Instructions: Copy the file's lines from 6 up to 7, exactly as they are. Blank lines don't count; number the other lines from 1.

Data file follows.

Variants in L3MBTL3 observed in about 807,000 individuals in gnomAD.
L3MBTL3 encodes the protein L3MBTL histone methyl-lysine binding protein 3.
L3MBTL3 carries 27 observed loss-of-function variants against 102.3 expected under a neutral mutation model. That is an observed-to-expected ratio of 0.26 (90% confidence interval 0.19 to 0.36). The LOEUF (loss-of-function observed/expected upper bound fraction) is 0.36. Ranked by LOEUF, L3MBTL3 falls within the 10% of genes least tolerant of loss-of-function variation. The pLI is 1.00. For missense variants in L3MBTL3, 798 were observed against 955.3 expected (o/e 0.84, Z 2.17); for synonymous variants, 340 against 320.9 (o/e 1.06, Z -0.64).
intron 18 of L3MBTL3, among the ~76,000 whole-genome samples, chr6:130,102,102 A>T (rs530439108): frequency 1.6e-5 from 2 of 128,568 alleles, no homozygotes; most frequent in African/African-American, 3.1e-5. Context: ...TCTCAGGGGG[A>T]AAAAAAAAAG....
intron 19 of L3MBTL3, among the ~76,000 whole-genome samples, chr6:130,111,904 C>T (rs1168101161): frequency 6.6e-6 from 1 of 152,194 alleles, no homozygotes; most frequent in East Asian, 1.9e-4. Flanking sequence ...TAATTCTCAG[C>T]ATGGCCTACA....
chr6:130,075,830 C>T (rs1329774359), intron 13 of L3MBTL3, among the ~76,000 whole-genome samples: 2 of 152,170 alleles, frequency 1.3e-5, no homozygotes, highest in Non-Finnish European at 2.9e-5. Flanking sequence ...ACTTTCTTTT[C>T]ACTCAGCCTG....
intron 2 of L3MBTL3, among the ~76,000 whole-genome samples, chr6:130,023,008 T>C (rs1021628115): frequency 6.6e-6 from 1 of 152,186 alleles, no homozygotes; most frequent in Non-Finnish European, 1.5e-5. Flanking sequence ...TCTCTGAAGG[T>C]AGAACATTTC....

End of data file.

chr6:130,075,830 C>T (rs1329774359), intron 13 of L3MBTL3, among the ~76,000 whole-genome samples: 2 of 152,170 alleles, frequency 1.3e-5, no homozygotes, highest in Non-Finnish European at 2.9e-5. Flanking sequence ...ACTTTCTTTT[C>T]ACTCAGCCTG....
intron 2 of L3MBTL3, among the ~76,000 whole-genome samples, chr6:130,023,008 T>C (rs1021628115): frequency 6.6e-6 from 1 of 152,186 alleles, no homozygotes; most frequent in Non-Finnish European, 1.5e-5. Flanking sequence ...TCTCTGAAGG[T>C]AGAACATTTC....